By the time Lynnette Simpson came under the care of the expert surgical team at the University of Utah, the 58-year-old grandmother had been through 40 surgeries, many of which stemmed from a car wreck when she was 17. Her 41st operation, however, placed her in a unique category. In the fall of 2019, Lynnette became the first patient at University of Utah Health to have a total knee replacement done by a surgeon with the help of ROSA, which stands for Robotic Orthopedic Surgical Assistant.
Lynnette traces the roots of her knee problems to a childhood accident, when, jumping from a wall, she landed badly and hurt her knees. “They were really swollen and painful,” she recalls. Her parents didn’t worry about it. “Back then you had to be dead or bleeding out before they took you to the doctor,” she says.
Her right leg bothered her on and off over the years and as an adult, while out pursuing her favorite recreation, hiking, she mashed-up her left knee in a fall, leaving it full of bone spurs and torn cartilage. When her doctor told her she had to get her knees replaced, “I talked to other people who didn’t have a good experience getting their knees done,” she says. Consequently, “I drug my feet for years not wanting to get it done.” She put the surgery off for a decade, even though chronic knee pain made her “grouchy” she says, particularly since she has grandchildren and “I couldn’t get out and play with them.” Finally, her knees reached a point of collapse where she had no choice. “It got to be where the bones weren’t where they were supposed to be any more. I either had to do it or the knees would cave in on me.”
Pelt had previously worked with Lynnette to help her with her right knee, which she had done a year prior. Post-operation, her leg was somewhat swollen and she had to keep it elevated for some time. Before the operation, she dragged her right leg behind her. After the surgery, she found she was dragging her left foot.
“I was dragging that right leg for years, just pulling it along. So, as it got better, I was dragging the other one, which really inhibited how far I could hike. I could maybe walk for an hour before I had to stop.”
In early fall 2019, Pelt called Lynnette to tell her he’d like her to be his first patient on whom he would perform a total knee replacement aided by a robotic assistance system. Robotic technology, Pelt explains, has been shown to be beneficial in orthopaedic surgery for partial knee replacements.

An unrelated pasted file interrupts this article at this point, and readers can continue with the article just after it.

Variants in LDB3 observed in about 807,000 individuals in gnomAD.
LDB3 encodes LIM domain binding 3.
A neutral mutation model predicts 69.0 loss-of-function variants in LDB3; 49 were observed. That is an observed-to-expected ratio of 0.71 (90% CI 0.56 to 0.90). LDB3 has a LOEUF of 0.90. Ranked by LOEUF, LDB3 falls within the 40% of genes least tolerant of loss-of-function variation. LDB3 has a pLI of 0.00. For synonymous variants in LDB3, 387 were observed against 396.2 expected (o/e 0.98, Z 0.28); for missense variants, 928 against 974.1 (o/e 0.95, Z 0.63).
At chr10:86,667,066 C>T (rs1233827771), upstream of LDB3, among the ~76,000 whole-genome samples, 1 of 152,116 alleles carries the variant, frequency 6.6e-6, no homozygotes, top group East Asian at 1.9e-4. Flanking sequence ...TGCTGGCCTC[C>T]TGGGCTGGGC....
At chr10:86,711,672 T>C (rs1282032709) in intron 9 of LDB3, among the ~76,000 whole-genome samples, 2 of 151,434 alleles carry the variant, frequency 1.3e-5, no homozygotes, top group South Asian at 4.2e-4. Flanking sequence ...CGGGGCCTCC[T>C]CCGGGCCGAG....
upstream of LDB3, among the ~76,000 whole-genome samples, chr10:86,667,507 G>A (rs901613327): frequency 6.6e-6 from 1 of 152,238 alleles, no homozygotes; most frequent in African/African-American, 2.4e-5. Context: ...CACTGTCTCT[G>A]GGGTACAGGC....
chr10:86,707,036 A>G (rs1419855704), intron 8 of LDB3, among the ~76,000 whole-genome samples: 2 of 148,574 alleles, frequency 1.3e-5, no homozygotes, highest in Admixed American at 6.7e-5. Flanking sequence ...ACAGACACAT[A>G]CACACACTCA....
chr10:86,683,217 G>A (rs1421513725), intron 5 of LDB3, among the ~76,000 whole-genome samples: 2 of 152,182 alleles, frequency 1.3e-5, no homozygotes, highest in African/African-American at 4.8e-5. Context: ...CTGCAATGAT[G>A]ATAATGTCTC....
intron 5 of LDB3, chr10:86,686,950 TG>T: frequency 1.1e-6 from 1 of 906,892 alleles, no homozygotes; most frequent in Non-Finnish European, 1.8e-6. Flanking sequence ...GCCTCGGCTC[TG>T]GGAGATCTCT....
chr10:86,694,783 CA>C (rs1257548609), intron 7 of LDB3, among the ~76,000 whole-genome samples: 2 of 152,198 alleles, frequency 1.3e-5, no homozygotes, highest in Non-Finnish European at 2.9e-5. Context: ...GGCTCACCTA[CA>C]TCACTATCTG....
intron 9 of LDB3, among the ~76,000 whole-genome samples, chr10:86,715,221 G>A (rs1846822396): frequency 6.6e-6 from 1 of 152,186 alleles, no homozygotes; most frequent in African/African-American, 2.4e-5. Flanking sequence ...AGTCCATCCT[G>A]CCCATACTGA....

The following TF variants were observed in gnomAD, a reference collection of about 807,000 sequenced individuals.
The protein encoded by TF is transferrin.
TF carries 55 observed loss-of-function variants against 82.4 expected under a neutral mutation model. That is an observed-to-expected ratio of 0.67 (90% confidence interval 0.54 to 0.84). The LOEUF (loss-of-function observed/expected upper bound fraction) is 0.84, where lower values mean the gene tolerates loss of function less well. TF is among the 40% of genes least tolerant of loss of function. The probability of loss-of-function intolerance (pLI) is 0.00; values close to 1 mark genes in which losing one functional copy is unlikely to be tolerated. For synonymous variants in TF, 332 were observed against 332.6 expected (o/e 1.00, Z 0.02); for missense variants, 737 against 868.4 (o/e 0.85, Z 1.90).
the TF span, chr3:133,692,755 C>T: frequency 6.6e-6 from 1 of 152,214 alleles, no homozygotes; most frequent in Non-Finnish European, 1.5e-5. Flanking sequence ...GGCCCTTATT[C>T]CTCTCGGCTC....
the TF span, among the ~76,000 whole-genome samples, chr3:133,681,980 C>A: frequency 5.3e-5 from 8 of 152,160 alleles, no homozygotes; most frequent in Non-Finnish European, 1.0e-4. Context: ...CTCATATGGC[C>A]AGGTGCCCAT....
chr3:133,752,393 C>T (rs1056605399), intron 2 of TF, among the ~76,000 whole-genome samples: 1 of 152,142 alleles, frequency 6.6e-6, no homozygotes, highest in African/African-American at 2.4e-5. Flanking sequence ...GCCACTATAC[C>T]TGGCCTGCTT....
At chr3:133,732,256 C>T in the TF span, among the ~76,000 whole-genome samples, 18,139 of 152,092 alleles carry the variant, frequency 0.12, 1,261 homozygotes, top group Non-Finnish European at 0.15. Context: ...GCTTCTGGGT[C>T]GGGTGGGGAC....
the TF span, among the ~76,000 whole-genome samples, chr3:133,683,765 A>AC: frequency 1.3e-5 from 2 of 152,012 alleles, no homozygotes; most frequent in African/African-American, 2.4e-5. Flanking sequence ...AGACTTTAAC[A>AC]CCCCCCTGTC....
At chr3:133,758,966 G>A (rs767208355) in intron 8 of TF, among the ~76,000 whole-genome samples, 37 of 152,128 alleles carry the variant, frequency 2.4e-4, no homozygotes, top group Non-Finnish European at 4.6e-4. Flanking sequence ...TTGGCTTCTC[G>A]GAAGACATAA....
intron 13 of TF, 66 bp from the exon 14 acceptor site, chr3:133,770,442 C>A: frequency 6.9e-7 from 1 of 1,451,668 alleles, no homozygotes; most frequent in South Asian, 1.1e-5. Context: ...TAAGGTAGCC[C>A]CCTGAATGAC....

“Alignment matters when we’re putting in joints. You put them in catawampus and they can subside or fail. The loads that are shared across the joint need to be shared equally, otherwise asymmetric loads will push through the bone, push the implants loose and lead to premature failure or early wear.” But while robotic technology has been successfully used for partial knee replacements, robotic-assisted total knee replacements are relatively new.
Pelt operated on Lynnette using Zimmer Biomet’s ROSA for the first time. ROSA uses mobile tracker arrays and routine x-rays of the limb obtained in clinic, which are then emailed to a Canadian-based laboratory. The lab sends back a personalized three-dimension plan for the surgery. It details the patient’s knee alignment, the size of their bones; the planned implant position and implant size, along with the precise bone cuts needed.
When Pelt puts in a new knee, he says, “It’s sort of like taking your car to the tire shop. We want to realign the front of the car and give them new tires.” He starts the surgery by testing the patient’s ligament tensions and bending the knee and moving it side to side. Those movements mean that along with the three-dimensional bone modeling, ROSA can capture the movement and also provide an assessment of the patient’s own soft tissue tension. “That creates a personalized patient plan that we execute using the assistance of ROSA’s robotic arm.”
What ROSA does, Pelt says, is provide information throughout the surgery that allows him and his team to understand a patient’s unique differences when it comes to precise bone measurements and the tensions in their soft tissues. “This whole surgery is a game of millimeters,” he says. “Making millimeter changes can make all the difference. The robotic system allows us to put the knee where the patient’s body is telling us it should be as opposed to us telling the knee where it should be and making it work.”
Four out of five patients nationally do very well with the total knee replacement, Pelt says, but one out of five may have an outcome that’s less than they had hoped for, and it’s not clear why. It’s early in terms of gathering data from Pelt’s operations using ROSA to see whether it can make improvements for the one-in-five patients who don’t have a completely positive outcome after knee replacement.
“We don’t yet know that this technology can make the difference,” Pelt says, but he and the other surgeons at University of Utah Health using ROSA plan to study it.
What Lynnette noticed with the recent left knee replacement she had done with ROSA compared to the first right knee replacement she had without it a year before was the nature of her recovery. “I kind of felt like the left one was less painful. It didn’t have the swelling of the right one and felt more comfortable right away.”
The surgeries have given Lynnette back not only her ability to go out on long walks without having to stop because of pain, but also to enjoy the outdoors with her grandchildren. “I don’t walk like a penguin anymore,” she says. “My legs are straight. Now I can go pretty far and pretty fast. It is perfect. My goal is no pain and I got that. And to hike better. And I got that.”